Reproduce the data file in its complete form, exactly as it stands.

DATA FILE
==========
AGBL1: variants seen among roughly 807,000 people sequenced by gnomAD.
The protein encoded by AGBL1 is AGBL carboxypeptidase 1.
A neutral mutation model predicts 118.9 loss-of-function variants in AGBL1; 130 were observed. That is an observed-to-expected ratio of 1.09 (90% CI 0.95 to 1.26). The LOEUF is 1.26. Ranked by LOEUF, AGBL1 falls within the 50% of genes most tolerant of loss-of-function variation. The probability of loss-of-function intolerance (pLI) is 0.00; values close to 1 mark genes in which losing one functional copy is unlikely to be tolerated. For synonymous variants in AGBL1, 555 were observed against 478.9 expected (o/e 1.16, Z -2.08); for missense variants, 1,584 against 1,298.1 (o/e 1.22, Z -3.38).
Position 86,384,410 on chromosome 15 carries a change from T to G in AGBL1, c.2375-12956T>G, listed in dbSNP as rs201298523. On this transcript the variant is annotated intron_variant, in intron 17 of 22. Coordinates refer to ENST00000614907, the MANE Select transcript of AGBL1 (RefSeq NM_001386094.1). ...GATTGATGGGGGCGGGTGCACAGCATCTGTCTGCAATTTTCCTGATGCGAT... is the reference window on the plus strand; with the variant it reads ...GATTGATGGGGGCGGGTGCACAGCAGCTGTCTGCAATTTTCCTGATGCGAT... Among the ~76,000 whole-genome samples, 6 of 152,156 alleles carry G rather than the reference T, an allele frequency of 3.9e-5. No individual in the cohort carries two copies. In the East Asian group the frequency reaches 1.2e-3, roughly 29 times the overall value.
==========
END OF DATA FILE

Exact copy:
AGBL1: variants seen among roughly 807,000 people sequenced by gnomAD.
The protein encoded by AGBL1 is AGBL carboxypeptidase 1.
A neutral mutation model predicts 118.9 loss-of-function variants in AGBL1; 130 were observed. That is an observed-to-expected ratio of 1.09 (90% CI 0.95 to 1.26). The LOEUF is 1.26. Ranked by LOEUF, AGBL1 falls within the 50% of genes most tolerant of loss-of-function variation. The probability of loss-of-function intolerance (pLI) is 0.00; values close to 1 mark genes in which losing one functional copy is unlikely to be tolerated. For synonymous variants in AGBL1, 555 were observed against 478.9 expected (o/e 1.16, Z -2.08); for missense variants, 1,584 against 1,298.1 (o/e 1.22, Z -3.38).
Position 86,384,410 on chromosome 15 carries a change from T to G in AGBL1, c.2375-12956T>G, listed in dbSNP as rs201298523. On this transcript the variant is annotated intron_variant, in intron 17 of 22. Coordinates refer to ENST00000614907, the MANE Select transcript of AGBL1 (RefSeq NM_001386094.1). ...GATTGATGGGGGCGGGTGCACAGCATCTGTCTGCAATTTTCCTGATGCGAT... is the reference window on the plus strand; with the variant it reads ...GATTGATGGGGGCGGGTGCACAGCAGCTGTCTGCAATTTTCCTGATGCGAT... Among the ~76,000 whole-genome samples, 6 of 152,156 alleles carry G rather than the reference T, an allele frequency of 3.9e-5. No individual in the cohort carries two copies. In the East Asian group the frequency reaches 1.2e-3, roughly 29 times the overall value.